|Claude Rains and Edward Norris in They Won't Forget (1937), |
adaptation of Ward Greene's Death in the Deep South
Hughes did not include any works by Arthur Conan Doyle and Erle Stanley Gardner (although Hughes would publish a biography of Gardner), explaining that in the case of these and some other authors (such as Ellery Queen), their body of work constitutes the classic rather than a single book. Hughes's choices for her classic mystery library are the following:
- Eric Ambler, A Coffin for Dimitrios. "a hunt-and-search story with a background of the Near East leading to Paris"
- Edgar Box [Gore Vidal], Death in the Fifth Position. " . . . the world of the ballet, presented with perception and verisimilitude"
- Vera Caspary, Laura. "an enviable creator of plots which twist and turn and startle."
- Raymond Chandler, Farewell, My Lovely. "his making of poetry out of the tawdry was indeed something unforgettable"
- Agatha Christie, The Murder of Roger Ackroyd and And Then There Were None. "two classic books"
- Len Deighton, The Ipcress File. "Deighton . . . devised a new style."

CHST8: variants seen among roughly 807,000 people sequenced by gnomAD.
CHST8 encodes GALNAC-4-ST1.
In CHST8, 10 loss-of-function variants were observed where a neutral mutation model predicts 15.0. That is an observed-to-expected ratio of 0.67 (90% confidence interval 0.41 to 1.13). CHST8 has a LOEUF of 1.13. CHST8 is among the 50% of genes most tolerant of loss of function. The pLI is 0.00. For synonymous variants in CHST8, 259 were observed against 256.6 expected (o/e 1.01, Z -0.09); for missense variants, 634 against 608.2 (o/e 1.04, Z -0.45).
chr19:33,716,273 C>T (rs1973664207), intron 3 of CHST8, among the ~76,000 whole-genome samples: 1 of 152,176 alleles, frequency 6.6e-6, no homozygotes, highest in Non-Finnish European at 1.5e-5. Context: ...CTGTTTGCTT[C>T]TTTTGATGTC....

- Helen Eustis, The Horizontal Man. "a true academic background against which the tragicomedy is played."
- William Faulkner, Intruder in the Dust. "a mystery sensation"
- Michael Gilbert, Close Quarters. "he has built a cathedral and its close, and has peopled it with verisimilitude."
- Graham Greene, Brighton Rock. "two sad insignificant persons revealed in their small moment of significance."
- Ward Greene, Death in the Deep South. "a classic of the regional and one of the first dealing with ethnic problems"
- Dashiell Hammett, The Maltese Falcon. "a classic romantic-adventure"
- H. F. [Gerald] Heard, A Taste for Honey. "Another of the instant classics"
- Francis Iles [Anthony Berkeley Cox], Before the Fact."a book whose plot must remain secret"
- Charlotte Jay [Geraldine Halls], Beat Not the Bones. "the primitive culture of Africa in collision with the 20th century"
- John le Carre [David Cornwell], The Spy Who Came in from the Cold. "tragic power"
- Meyer Levin, Compulsion. "a classic of major proportion"
- Marie Belloc Lowndes, The Lodger. " . . . a true crime story, in fiction form"
- Ngaio Marsh, Death of a Fool. "breath-taking"
- E. Phillips Oppenheim, The Great Impersonation. "a landmark"
- Dorothy L. Sayers, The Nine Tailors. "background became not just background, but important"
- Josephine Tey [Elizabeth MacKintosh], The Daughter of Time. "Simply written but brilliant in premise and performance."